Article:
No matter how hard the fitness industry tries to convince you otherwise, calories matter for both gaining and losing weight. The first law of thermodynamics, also known as the Law of Conservation of Energy, states that energy cannot be created or destroyed in an isolated system. You can’t break the laws of nature.
If you eat more calories than you consume your body stores the extra calories as fat tissue. If you eat fewer calories than you consume your body burns body fat to make up for the calorie gap.
Unless you already have an unusually low level of body fat (8-12%) you will need to lose body fat in order to achieve the athletic look. If you are already leaner than 8% of body fat (which is rare) then you need to eat more calories than your maintenance calories in order to build muscle.
2. Protein is the most important macronutrient for building muscle and burning fat
The total calories you consume is the main determinant of your weight on the scale but when you’re trying to build an athletic body you aren’t merely trying to lose weight but you are also trying to build muscle. If you aren’t already at low levels of body fat you have to follow a diet conducive to both building muscle and burning fat.
Protein is the most important macronutrient for building muscle since it’s the building block of your muscles. Plant protein is lower in quality compared to animal protein so eat animal products in order to fully utilize the muscle-building benefits of protein.
Protein is also the most important nutrient for burning fat because it’s not only the most satiating nutrient but also helps prevent muscle loss when you are in a state of a caloric deficit. You will inevitably feel hungry during your diet. Protein consumption makes it easier to endure hunger since it satiates you better than other macronutrients (fat and carbs). You also don’t want to lose your muscles when you are losing weight. You want to burn fat, not muscle. Eating protein will help you preserve your muscle mass when you are in a state of a caloric deficit. If you stick to the above training principles you will not only avoid losing muscle during a diet but also build muscle when you are losing fat at the same time.
Eggs, egg whites, beef, lamb, pork, chicken, turkey, fish, squid, shrimp, cheese, yogurt, and milk are all excellent sources of protein.
After you consume your protein, you should eat your dietary fat because fat is an essential macronutrient as well.
Upon hearing that eating fat is healthy, most people assume that they can eat as much fat as they want because, after all, it’s healthy, right? Wrong. Fat being healthy doesn’t mean that you can eat all the fat you can. Far from that. Fat is the most calorie-dense macronutrient so you must meticulously measure your fat intake lest you exceed your calorie budget. You will inevitably eat some fat along with the animal products you consume and depending on your daily calorie budget you can add a few spoons of healthy fats such as olive oil, butter, coconut oil, or avocado to your diet and that’s it.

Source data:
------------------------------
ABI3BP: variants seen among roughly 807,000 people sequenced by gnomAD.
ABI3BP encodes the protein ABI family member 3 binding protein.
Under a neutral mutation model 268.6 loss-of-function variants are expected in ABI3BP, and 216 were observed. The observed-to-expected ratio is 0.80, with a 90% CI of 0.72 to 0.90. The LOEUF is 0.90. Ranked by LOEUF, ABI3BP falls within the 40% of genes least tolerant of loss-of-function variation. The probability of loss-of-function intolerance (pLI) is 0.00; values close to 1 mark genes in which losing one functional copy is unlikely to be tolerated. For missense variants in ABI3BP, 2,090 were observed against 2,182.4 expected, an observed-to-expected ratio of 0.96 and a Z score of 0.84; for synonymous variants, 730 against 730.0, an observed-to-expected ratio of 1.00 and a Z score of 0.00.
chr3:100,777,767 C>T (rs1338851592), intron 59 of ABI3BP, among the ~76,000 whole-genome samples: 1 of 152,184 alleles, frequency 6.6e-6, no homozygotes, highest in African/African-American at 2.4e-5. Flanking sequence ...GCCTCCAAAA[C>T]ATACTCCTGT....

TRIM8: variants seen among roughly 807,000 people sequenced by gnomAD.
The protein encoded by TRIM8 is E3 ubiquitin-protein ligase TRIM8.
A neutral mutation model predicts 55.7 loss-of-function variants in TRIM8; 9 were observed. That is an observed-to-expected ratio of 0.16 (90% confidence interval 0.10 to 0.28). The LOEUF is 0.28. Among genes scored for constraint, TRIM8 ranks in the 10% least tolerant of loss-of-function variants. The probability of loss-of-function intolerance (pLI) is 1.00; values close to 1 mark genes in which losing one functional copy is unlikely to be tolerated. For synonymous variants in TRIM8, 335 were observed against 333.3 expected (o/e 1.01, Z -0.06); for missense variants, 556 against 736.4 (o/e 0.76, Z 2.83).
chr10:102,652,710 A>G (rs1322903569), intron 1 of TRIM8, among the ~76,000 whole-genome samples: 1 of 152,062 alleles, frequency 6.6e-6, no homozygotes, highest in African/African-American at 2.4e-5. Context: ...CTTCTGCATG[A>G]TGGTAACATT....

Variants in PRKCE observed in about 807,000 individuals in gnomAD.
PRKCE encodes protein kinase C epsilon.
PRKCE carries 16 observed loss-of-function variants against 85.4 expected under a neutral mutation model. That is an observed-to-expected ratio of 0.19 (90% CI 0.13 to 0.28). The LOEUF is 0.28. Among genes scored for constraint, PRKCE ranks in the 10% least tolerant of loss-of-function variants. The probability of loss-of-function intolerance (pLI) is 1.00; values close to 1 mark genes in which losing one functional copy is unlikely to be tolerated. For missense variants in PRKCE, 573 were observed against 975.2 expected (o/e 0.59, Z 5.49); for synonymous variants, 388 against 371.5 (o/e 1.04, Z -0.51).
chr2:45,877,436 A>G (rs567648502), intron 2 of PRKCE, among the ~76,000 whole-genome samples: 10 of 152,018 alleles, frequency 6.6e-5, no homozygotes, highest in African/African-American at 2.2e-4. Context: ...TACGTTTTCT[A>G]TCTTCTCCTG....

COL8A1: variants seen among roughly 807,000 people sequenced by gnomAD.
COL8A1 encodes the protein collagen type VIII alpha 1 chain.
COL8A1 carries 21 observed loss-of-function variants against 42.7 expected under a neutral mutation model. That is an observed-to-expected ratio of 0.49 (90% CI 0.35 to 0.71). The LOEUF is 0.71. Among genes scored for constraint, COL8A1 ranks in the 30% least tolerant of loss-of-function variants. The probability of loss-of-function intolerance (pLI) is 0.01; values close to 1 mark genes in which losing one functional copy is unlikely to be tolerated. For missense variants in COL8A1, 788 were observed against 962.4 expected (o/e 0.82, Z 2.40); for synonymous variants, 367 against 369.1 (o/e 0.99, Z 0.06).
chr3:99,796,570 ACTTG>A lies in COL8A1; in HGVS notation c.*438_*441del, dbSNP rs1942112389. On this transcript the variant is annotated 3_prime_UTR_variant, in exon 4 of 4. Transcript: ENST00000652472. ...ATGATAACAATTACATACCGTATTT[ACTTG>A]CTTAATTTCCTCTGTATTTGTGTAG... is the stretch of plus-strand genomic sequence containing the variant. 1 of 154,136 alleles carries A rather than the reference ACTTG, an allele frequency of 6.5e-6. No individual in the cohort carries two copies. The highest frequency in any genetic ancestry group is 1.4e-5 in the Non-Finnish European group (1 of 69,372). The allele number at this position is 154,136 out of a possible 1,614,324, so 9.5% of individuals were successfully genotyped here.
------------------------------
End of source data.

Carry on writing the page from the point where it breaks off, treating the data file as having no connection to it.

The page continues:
The third and the last macronutrient after protein and fat is carbohydrates. Technically carbs aren’t essential nutrients which means that you can survive without eating them. If you don’t eat carbs your body can keep surviving by producing ketones as a replacement for carbs. Just because your body devised a workaround for the lack of carbs in your diet doesn’t mean that you should abuse it. Many zero or low-carb advocates declared carbs as the primary cause of obesity but this is false.
You must eat your carbs especially when you are training hard for building muscle. Carbs fuel your training by providing instant energy for your intense workouts something which ketones fail to do. If you don’t eat carbs your training performance will suffer. You will quickly get exhausted. Also, your brain uses carbs to function. Your brain will keep functioning in the case of a lack of carbs thanks to ketones but since ketones are an inferior replacement for carbs you will get brain fog.
Fruits, vegetables, potatoes, rice, pasta, wheat, and oats are all good sources of carbs which you can eat all you want as long as you eat your protein and fat first and you don’t exceed your daily calorie budget.
You can also add low-calorie fibrous vegetables to your diet. Although they are inferior sources of carbs since your digestive system isn’t fully capable of deconstructing fiber, eating low-calorie fibrous vegetables will help you endure hunger without consuming too many calories. Some examples of low-calorie fibrous vegetables are asparagus, cabbage, spinach, lettuce, cucumber, eggplant, and radish.
Frequently Asked Questions about Diet and Training to Get an Athletic Body
Is it possible to build muscle and burn fat at the same time?